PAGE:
With so many school districts across the country closed and relying on virtual classrooms to finish the school year, we tend to heap most of our sympathy on the teachers and parents. After all, kids don’t want to sit in a classroom, right? They’re glad they’re getting to stay at home or wherever–as long as it’s not in a school.
But that’s not always an accurate picture.
Recently, a teacher saw a young man sitting outside of a Subway restaurant with a Chromebook on his lap. She felt compelled to ask him if he was doing his schoolwork. What he told her gave her a poignant glimpse into the lives of many students who are trying their best to keep up their education in a most uncertain time.
Her essay, which appeared on Love What Matters, starts:
Okay, to all my teacher friends out there, I have taught for 36 years and I just got a reality check.
As I was driving by Subway, I saw a student with his Chromebook open sitting on the sidewalk.
When I saw him, I had to turn around and go back. I asked him, ‘Are you trying to do schoolwork?’
He answered yes because he doesn’t want to get behind.
He told me his dad works doing concrete work. His company has threatened to shut down, so having internet at home is not a priority right now.
That last sentence would give anyone pause. How often do we assume that every household with a child has internet for surfing, games, streaming music and shows and for doing homework? That’s simply not the case. This kid may have benefited from his school’s supply of Chromebooks they could lend to students.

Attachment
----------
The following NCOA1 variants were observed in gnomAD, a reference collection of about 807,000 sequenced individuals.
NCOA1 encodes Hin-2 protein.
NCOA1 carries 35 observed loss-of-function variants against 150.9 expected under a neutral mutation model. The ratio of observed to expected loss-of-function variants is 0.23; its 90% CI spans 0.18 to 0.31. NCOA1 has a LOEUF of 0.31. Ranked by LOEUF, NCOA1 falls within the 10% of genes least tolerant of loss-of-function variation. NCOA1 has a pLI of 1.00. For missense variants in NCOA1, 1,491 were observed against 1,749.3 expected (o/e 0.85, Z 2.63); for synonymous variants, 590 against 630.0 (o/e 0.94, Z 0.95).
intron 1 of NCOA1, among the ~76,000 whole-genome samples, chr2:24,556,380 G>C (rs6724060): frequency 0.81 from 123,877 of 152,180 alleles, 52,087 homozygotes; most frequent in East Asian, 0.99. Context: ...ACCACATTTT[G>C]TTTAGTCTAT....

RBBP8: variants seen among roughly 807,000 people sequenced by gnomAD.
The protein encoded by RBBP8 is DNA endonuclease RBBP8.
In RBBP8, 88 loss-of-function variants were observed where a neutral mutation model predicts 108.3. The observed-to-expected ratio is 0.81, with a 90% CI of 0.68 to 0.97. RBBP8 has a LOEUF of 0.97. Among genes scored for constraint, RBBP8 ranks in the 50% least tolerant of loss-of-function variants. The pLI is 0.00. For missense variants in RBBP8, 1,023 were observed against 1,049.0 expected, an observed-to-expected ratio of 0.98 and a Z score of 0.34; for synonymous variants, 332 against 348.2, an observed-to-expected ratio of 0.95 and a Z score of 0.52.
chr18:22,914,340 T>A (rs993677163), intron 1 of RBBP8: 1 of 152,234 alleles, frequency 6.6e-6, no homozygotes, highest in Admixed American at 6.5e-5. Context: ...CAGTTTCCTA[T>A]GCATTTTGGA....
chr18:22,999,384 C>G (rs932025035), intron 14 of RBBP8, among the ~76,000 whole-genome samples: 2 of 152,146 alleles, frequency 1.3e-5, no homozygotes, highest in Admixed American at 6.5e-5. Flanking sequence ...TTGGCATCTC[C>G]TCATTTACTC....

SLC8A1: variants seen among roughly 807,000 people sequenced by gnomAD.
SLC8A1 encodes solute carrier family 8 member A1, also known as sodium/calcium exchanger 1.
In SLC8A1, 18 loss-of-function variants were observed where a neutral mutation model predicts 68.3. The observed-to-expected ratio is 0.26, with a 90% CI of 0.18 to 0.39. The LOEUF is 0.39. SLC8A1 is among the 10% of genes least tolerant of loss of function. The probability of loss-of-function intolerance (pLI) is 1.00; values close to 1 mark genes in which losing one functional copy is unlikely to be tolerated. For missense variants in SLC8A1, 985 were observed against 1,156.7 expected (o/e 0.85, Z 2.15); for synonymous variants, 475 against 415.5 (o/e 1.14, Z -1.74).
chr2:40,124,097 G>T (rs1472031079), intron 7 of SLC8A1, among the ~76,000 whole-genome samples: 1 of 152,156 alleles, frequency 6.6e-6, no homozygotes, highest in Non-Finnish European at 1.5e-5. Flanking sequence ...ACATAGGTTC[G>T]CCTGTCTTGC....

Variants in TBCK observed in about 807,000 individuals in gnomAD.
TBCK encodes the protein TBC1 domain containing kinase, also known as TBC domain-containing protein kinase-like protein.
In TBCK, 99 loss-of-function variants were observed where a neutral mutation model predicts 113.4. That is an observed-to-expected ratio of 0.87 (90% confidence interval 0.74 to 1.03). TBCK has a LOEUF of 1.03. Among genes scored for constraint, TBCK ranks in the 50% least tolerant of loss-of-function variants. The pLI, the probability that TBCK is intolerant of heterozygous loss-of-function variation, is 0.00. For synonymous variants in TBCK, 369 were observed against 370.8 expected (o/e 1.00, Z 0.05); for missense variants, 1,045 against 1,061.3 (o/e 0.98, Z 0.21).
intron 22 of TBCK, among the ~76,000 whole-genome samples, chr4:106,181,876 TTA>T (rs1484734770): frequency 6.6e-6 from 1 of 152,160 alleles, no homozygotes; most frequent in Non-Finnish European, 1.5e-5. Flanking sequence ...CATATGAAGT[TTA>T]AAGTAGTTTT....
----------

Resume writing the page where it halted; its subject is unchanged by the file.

But internet–that’s something different.
His dad’s job is uncertain. Mom may be at home or she may be an essential worker. Either way, the family clearly had to cut out the extras. When they had to give up internet, which seems as critical these days as having electricity, we know times for this kid are tough. And, there he sits on the sidewalk, using free wifi outside of a sandwich shop just to keep up his grades.
I am teaching from home and my husband still has his job.
Both of my children are grown, so I have all the time in the world to ‘do school.’
Seeing this young man reminded me to give some mercy to students and parents. They may have other things to deal with other than just school.
The writer points out something we could all remember. These students are people too with hopes and dreams that have been furloughed like so many jobs. Kids are missing the important milestones they’ve worked so hard for to prepare for a future that no one can tell will look like.
Let’s commit to showing them a little understanding, some patience and a lot of mercy.